Figure 3: ABT-263 strongly induce apoptosis especially in combination with 5-FU in EC cells. A. SKGT-4, Yes-6 and KATO-TN cells were treated with 0.1% DMSO (as control) or ABT-263 1 μM or 5-FU 10 μM or in combination and determined the apoptosis index by flow cytometry, which indicated that the apoptosis index were increased, especially in combination treatment cells. B. and C. Apoptosis associated proteins-PARP, Cleaved PARP and antiapoptotic proteins MCL-1, BCL-2 and BCL-XL were detected using immunoblotting at SKGT-4 and JHESO EC cells treated with 5-FU and ABT263 or in their combination as dosage indicated (Top panel); quantification of BCL-2 expression in SKGT-4 and JHESO EC cells treated with 5-FU and ABT263 or in their combination as dosage indicated was performed using Image J (Lower panel).

RPPA proteomic array on ABT-263 treated EC cells and analyzed by gene set enriched analysis (GSEA)

To decipher the novel mechanisms by which ABT-263 enhance the sensitivity of 5-FU in EC cells, we performed RPPA to evaluate 175 proteins expression on EC cells treated with ABT-263 (1 μM) for 48 hours. Gene set enriched analysis (GSEA) conducted by a specialized bioinformatician (B.L), demonstrated that many genes involving oncogenic processes (EGFR, AKT1/2/3 and PI3K/mTOR) and cancer stemness signaling are down-regulated such as β-catenin in Wnt signaling and YAP-1 in Hippo signaling in addition of down-regulation of BCL-2, the major target of ABT-263 (Figure 4A). The quantitative analysis showed a decrease in PI3K/mTOR, survival and stemness signaling (Figure 4B), but the pro-apoptosis and tumor suppressive molecules were up-regulated in ABT-263 treated cells (Figure 4C). Using quantitative real-time PCR, we have confirmed that ABT-263 significantly suppress many important genes that control oncogenic signaling and stemness pathway such as β-catenin; YAP-1, C-MYC and MCL-1 (Figure 4D).

Gene set enriched analysis of RPPA proteomic data on ABT-263 treated JHESO cells and the effects of ABT-263 on cell survival and stemness pathways.

Figure 4: Gene set enriched analysis of RPPA proteomic data on ABT-263 treated JHESO cells and the effects of ABT-263 on cell survival and stemness pathways. A. Gene set enriched analysis (GSEA) conducted by a specialized bioinformatist (B.L) demonstrated that many genes involving oncogenic (EGFR, PI3K/mTOR) and cancer stemness signaling are down-regulated in ABT-263 (1 μM for 48 hours) treated JHESO cells (Figure 4A). B. Down-regulation of genes in PI3K/mTOR and survival and stem cell signaling after normalization by RPPA analysis. C. Up-regulation of Genes by ABT-263 in pro-apoptosis and tumor suppression after normalization by RPPA analysis. D. Significantly down-regulation of YAP1, β-catenin, c-MYC and MCL-1 by ABT-263 was confirmed using quantitative real-time-PCR. **p < 0.01.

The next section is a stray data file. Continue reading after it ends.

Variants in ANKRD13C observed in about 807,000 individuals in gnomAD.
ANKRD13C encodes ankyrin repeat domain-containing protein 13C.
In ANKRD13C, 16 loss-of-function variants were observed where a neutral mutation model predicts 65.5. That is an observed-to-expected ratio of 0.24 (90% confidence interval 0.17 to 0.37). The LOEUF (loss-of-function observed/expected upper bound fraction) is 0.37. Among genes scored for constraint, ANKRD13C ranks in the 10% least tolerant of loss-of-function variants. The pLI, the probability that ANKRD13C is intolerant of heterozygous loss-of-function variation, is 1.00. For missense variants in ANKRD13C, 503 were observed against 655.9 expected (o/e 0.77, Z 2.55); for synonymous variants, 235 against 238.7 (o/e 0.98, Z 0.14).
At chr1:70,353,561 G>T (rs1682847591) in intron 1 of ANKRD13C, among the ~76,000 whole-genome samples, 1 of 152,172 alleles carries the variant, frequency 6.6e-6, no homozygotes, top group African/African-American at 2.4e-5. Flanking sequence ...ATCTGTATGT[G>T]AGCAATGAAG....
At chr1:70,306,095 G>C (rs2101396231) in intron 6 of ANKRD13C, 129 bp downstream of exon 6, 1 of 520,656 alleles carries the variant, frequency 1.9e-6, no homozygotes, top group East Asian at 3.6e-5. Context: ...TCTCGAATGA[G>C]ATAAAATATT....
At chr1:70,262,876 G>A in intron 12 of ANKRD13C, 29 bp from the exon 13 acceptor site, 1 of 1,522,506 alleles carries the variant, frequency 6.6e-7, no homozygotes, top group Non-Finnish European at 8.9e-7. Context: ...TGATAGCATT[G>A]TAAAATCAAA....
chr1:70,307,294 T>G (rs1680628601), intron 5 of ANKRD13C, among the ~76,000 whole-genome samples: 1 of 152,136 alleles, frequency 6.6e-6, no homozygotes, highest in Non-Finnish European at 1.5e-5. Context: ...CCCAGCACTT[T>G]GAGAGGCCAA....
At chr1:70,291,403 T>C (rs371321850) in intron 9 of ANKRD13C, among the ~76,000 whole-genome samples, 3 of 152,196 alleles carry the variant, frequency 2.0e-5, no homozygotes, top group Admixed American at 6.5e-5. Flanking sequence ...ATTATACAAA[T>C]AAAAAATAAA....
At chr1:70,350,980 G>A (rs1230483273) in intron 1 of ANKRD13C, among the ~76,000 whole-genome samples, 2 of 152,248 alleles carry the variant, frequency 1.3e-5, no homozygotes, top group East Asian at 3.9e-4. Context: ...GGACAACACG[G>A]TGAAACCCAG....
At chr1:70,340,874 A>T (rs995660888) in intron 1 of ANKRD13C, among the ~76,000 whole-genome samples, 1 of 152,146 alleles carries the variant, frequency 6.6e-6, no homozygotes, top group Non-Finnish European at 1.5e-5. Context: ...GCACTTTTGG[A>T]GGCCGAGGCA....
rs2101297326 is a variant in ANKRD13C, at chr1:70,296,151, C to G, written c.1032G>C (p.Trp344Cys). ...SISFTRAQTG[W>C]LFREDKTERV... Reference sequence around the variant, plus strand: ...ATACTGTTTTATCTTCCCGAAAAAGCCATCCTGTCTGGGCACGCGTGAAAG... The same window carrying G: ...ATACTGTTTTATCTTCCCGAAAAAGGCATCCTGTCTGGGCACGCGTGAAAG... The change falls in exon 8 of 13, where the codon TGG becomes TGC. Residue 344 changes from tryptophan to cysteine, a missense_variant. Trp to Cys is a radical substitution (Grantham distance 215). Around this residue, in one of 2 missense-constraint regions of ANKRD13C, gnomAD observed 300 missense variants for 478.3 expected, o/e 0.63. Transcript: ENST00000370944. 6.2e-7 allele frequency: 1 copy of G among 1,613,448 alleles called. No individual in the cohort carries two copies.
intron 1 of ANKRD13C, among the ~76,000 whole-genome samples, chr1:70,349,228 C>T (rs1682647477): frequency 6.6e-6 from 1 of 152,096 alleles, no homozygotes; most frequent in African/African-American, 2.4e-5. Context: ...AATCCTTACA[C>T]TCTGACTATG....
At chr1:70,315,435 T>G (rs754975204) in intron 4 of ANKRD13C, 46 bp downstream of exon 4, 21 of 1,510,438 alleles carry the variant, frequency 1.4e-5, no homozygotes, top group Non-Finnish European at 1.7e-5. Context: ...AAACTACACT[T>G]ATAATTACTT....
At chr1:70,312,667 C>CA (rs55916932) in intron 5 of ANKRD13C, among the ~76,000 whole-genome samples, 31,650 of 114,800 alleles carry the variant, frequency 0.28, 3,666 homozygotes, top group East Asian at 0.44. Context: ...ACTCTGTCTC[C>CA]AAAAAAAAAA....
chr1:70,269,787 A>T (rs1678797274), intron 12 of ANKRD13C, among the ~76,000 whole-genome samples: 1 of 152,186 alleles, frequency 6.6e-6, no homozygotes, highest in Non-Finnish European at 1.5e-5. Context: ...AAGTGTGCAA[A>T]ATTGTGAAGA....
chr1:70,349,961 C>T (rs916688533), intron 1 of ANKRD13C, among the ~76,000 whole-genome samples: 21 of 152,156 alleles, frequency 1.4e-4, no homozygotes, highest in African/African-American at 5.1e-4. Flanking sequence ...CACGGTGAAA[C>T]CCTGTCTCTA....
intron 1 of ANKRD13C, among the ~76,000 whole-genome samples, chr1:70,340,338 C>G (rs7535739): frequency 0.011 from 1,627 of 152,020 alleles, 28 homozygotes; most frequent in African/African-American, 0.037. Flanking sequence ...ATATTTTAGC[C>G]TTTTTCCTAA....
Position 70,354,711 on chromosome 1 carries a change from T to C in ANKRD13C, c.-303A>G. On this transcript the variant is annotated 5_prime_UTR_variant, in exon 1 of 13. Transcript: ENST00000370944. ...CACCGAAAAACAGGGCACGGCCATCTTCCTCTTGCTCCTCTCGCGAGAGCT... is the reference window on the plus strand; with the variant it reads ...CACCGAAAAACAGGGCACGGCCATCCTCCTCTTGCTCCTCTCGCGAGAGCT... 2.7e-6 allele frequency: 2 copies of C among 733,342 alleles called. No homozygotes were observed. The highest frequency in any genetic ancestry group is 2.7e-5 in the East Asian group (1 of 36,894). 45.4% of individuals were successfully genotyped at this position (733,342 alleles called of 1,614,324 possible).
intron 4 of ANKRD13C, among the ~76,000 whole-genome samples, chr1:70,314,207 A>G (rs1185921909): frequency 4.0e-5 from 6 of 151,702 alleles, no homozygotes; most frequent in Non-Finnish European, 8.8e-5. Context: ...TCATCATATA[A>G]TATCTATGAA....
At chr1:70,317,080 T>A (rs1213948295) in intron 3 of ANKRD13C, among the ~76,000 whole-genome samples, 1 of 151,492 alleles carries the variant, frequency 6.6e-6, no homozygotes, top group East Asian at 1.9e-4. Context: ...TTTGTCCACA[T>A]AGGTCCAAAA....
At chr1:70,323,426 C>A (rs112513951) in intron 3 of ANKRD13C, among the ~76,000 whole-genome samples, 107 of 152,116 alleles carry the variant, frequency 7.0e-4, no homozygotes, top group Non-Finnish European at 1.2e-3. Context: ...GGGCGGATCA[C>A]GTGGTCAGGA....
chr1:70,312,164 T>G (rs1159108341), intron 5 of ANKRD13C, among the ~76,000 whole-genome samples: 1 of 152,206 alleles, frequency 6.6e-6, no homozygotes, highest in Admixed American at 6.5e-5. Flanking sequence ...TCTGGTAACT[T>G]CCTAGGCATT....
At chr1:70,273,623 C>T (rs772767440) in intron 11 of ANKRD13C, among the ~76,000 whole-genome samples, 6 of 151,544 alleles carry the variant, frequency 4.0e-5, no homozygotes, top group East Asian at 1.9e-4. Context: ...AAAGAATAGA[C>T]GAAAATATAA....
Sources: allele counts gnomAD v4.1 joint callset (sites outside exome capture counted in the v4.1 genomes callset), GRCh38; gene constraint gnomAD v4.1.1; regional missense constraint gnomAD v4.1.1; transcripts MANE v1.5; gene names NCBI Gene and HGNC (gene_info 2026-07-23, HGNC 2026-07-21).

ABT-263 strongly inhibits expression and activation of Wnt/β-catenin and YAP-1/SOX9 axis in EC cells

As stated earlier, ABT-263 was very effective in inhibiting EC cell growth and induced apoptosis especially in combination with 5-FU that is not fully dependent on BCL-2 family proteins (Figure 3). Since stemness pathways such as Wnt/β-catenin and Hippo coactivator YAP-1/SOX9 are central mediators of CSC population maintenance and over growth; and Hippo pathway YAP-1 also mediates anti-apoptotic protein expression and transcription and therapy resistance [3436]. To further confirm if ABT263 affects CSC signaling, a series of experiments were performed. Results in Figure 5A show that protein levels of β-catenin, its target cyclinD1 and YAP-1 and its target SOX9 decreased in a dose dependent manner when treated with ABT-263 alone (Figure 5A) and the combination with 5-FU. Immunofluorescence (Figure 5C) further confirmed the expression levels of these proteins were decreased by ABT263. To further examine if stemness activity is affected, the SuperTop TCF4 luciferase reporter that reflects the Wnt/β-catenin signaling activity in cells [37] were transfected into SKGT-4 cells and treated with ABT263 at different dosage. Wnt/β-catenin activity decreased in a dose dependent manner with ABT263 exposed for 48 hours. Similarly, co-transfection of Gal4-tead and UAS-Luciferase plasmids which represent YAP-1 activity [38] and SOX9 promoter luciferase [39] respectively into EC cells and treated with ABT-263, YAP-1 and SOX9 activities were suppressed dramatically and were also dose dependent. These data suggest that a novel mechanism of action of ABT263 is on inhibition of stemness pathways-Wnt/β-catenin and YAP-1/SOX9 axis.

ABT-263 strongly inhibits expression and activation of Wnt/&#x03B2;-catenin and YAP1/SOX9 axes in EC cells.

Figure 5: ABT-263 strongly inhibits expression and activation of Wnt/β-catenin and YAP1/SOX9 axes in EC cells. A. Protein levels of YAP, SOX9, β-catenin and its target Cyclin D1 were determined by immunoblotting in EC cells treated with different dosage of ABT263 for 48 hours. B. Protein levels of YAP, β-catenin and its target Cyclin D1 were detected by immunoblotting in SKGT-4 EC cells treated with different dosage of ABT263 and or in combination with 5-FU for 48 hours. C. expression level of YAP1, β-catenin and Cyclin D1 was detected by immunofluorescence as described in materials & Methods. D. Transient transfection of Super-TOP luciferase (represent Wnt/β-catenin activity) or YAP1 or SOX9 luciferase promoters into SKGT-4 EC cells and treated with ABT263 for 48 hours in different dosage as indicated; Luciferase reporter activities were detected after 48 hours. For all experiments, values shown represent the mean and SD of at least triplicate assays (**p < 0.01).

ABT-263 preferentially inhibits tumor sphere formation in ALDH1 positive EC cells